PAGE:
Playing to learn

Gaming is one of the trends in learning these days, which gains fans every day around the world. It makes sense, if we consider how accustomed humans are in such a process, the fact that everyone, no matter the age, location and culture has played something in our life time and taking into consideration the need to make learning more fun and interesting!

As an introduction, you may want to see this TED talk.

So,  here are some examples of organizations that have done awesome things around this topic:

1. The Institute of Play in NY, which is doing some breakthrough things in the USA and are also educating kids to create their games and learn through this process.

The Institute pioneers new models of learning and engagement. We are a not-for-profit design studio, founded in 2007 by a group of game designers in New York City. We are now home to an interdisciplinary team of designers, strategists and learning practitioners.

2. Athens Plaython Festival took place in Athens, in Autumn 2012 and attracted kids, parents and youth for days of playing and creating.

The city’s first ever street games festival brings to you a marathon of big games and workshops for every age! Athens Plaython launched in 2011 with a sold out event that hosted more than 1000 people. Meanwhile we received the second place award at TEDxAthens for Disruption in Learning. After a year in the works we run a big two day festival in 2012, with the help of about 40 rockstar volunteers and more than 1500 players. Now we can’t wait for next year!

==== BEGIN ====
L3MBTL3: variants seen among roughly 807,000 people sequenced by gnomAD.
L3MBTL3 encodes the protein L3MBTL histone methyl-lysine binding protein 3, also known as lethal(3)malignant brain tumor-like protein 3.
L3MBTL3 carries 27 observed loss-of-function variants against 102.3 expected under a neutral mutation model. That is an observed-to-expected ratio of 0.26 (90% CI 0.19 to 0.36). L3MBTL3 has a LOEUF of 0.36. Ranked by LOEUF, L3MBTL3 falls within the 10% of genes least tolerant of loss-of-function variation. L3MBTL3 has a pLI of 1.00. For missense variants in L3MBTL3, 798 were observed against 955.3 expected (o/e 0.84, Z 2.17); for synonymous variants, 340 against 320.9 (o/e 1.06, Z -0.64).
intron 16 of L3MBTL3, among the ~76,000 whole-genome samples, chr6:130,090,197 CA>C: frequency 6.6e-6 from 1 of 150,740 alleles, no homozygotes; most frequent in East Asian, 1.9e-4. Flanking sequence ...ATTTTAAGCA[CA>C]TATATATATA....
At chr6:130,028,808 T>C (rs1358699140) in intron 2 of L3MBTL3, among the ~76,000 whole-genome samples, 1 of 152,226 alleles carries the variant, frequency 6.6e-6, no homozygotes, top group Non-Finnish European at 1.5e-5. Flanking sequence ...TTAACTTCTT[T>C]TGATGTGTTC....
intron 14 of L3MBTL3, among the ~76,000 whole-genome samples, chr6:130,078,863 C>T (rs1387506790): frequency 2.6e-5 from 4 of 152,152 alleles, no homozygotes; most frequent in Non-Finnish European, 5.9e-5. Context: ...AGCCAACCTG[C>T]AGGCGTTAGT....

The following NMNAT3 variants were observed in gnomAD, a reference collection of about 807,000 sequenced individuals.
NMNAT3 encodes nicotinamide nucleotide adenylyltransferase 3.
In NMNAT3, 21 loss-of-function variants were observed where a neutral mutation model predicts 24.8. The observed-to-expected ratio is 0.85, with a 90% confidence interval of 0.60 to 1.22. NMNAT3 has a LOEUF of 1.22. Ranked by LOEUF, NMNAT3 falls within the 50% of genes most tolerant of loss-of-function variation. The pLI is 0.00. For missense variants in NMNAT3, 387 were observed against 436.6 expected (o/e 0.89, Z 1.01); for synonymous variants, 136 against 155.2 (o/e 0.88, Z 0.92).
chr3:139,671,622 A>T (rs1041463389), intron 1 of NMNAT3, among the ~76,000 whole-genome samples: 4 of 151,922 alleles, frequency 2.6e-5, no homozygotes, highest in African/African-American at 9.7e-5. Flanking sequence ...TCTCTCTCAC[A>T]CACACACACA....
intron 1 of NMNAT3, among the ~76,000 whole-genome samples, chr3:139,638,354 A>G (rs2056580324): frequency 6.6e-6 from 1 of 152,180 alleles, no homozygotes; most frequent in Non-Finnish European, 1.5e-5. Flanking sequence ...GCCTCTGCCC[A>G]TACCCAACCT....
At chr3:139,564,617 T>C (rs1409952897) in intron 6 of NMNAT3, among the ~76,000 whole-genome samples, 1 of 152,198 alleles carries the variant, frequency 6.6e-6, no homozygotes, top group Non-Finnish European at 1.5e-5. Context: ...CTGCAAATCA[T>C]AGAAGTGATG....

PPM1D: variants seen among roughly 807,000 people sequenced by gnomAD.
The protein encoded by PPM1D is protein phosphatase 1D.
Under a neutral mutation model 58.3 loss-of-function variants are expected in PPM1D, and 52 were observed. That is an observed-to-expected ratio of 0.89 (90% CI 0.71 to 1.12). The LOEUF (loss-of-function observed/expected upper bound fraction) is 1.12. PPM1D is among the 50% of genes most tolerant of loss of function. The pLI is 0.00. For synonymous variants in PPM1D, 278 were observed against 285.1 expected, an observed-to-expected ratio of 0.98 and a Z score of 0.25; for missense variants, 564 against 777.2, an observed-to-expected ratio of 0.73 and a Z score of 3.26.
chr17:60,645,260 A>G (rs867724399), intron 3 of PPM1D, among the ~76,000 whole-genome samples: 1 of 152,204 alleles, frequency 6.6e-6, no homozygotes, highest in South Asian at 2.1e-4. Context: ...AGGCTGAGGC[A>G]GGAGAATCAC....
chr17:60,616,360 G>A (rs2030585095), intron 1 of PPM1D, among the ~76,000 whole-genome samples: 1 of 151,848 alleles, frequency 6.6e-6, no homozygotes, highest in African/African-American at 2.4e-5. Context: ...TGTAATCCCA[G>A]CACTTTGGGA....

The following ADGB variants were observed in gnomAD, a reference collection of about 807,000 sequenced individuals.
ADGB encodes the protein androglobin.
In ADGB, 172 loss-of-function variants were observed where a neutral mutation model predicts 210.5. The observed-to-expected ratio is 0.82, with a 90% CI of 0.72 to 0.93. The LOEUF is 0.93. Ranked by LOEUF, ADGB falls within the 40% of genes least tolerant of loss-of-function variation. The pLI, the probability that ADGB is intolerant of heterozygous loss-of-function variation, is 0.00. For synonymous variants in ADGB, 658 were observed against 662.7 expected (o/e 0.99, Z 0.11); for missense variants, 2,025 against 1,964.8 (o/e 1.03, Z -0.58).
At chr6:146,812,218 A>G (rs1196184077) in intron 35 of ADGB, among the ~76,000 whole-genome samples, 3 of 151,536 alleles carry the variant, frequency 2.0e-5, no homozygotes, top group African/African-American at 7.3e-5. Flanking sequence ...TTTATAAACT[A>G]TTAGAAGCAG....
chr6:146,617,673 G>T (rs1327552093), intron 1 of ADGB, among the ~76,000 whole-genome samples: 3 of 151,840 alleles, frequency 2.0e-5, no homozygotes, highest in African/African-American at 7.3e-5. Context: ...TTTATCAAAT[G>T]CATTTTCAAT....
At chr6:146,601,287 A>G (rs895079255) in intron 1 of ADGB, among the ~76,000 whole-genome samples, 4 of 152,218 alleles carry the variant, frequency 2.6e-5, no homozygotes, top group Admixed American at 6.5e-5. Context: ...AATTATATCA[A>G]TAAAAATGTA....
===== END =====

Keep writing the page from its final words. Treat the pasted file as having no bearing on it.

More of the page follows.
3. Viktor Rydberg school in Stockholm, Sweden where all 13-year-old students must now take a mandatory course on Minecraft, where teens learn

‘They learn about city planning, environmental issues, getting things done, and even how to plan for the future,’ Viktor Rydberg teacher Monica Ekman told English-language newspaper The Local. ‘It’s not any different from arts or woodcraft,’ she added.”

I heard this first through Edudemic.

4. Hive Athens, which will run an event for 13-18 year olds in Athens in Spring 2013 in order to make more digitally literate youth. And many more cool projects. Necessary? Yes!

5. AIESEC is a 70 year old social global organization that aims to develop youth around the world, now in more than 150 countries. Games, role-playing, simulations, case studies, physical exercise trainings and many more have been in the content of students’ training for years.

6. Learning in Azeroth or the WoW Curriculum:

Once, he says, a group of his students figured out how to cheat another player out of gold coins. The kids were triumphant until Gillispie confronted them about their ethics. They agreed to return the money and write an apology—and they were delighted when the other player commended their honesty. “It was a moment for us to teach some morality in the virtual world,” he said

7. The Khan Academy may not use playing and games as such to teach, but it uses a lot of elements that are also used in games, such as badges, rewards, achievement of levels and an interactive relation with the system through recommending which lesson to watch next, offering feedback and many more

8. Codeacademy promises to teach us how to code, interactively for free. It is for all ages and as Khan Academy they also use a few elements found in gaming, too.

…and many more. If you come across something cool, let me know:)

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